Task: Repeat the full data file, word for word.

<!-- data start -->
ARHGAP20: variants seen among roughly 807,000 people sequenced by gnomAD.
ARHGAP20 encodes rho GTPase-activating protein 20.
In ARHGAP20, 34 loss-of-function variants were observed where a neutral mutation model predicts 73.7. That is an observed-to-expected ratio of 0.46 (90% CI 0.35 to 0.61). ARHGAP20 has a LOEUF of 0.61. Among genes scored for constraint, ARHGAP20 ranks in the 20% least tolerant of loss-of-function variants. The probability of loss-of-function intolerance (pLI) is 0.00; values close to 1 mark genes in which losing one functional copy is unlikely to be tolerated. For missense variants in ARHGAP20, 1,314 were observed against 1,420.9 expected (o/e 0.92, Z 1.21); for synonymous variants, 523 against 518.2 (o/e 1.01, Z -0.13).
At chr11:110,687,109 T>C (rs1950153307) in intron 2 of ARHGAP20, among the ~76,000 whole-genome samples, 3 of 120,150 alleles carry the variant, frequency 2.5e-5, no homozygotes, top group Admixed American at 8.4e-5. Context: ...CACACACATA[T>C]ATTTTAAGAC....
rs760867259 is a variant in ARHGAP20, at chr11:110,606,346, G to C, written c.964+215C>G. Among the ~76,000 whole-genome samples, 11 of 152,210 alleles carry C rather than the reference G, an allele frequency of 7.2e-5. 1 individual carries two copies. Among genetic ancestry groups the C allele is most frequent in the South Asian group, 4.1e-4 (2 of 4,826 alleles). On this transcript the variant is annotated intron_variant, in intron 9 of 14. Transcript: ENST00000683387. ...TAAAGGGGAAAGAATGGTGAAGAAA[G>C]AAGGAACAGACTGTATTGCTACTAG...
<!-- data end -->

ARHGAP20: variants seen among roughly 807,000 people sequenced by gnomAD.
ARHGAP20 encodes rho GTPase-activating protein 20.
In ARHGAP20, 34 loss-of-function variants were observed where a neutral mutation model predicts 73.7. That is an observed-to-expected ratio of 0.46 (90% CI 0.35 to 0.61). ARHGAP20 has a LOEUF of 0.61. Among genes scored for constraint, ARHGAP20 ranks in the 20% least tolerant of loss-of-function variants. The probability of loss-of-function intolerance (pLI) is 0.00; values close to 1 mark genes in which losing one functional copy is unlikely to be tolerated. For missense variants in ARHGAP20, 1,314 were observed against 1,420.9 expected (o/e 0.92, Z 1.21); for synonymous variants, 523 against 518.2 (o/e 1.01, Z -0.13).
At chr11:110,687,109 T>C (rs1950153307) in intron 2 of ARHGAP20, among the ~76,000 whole-genome samples, 3 of 120,150 alleles carry the variant, frequency 2.5e-5, no homozygotes, top group Admixed American at 8.4e-5. Context: ...CACACACATA[T>C]ATTTTAAGAC....
rs760867259 is a variant in ARHGAP20, at chr11:110,606,346, G to C, written c.964+215C>G. Among the ~76,000 whole-genome samples, 11 of 152,210 alleles carry C rather than the reference G, an allele frequency of 7.2e-5. 1 individual carries two copies. Among genetic ancestry groups the C allele is most frequent in the South Asian group, 4.1e-4 (2 of 4,826 alleles). On this transcript the variant is annotated intron_variant, in intron 9 of 14. Transcript: ENST00000683387. ...TAAAGGGGAAAGAATGGTGAAGAAA[G>C]AAGGAACAGACTGTATTGCTACTAG...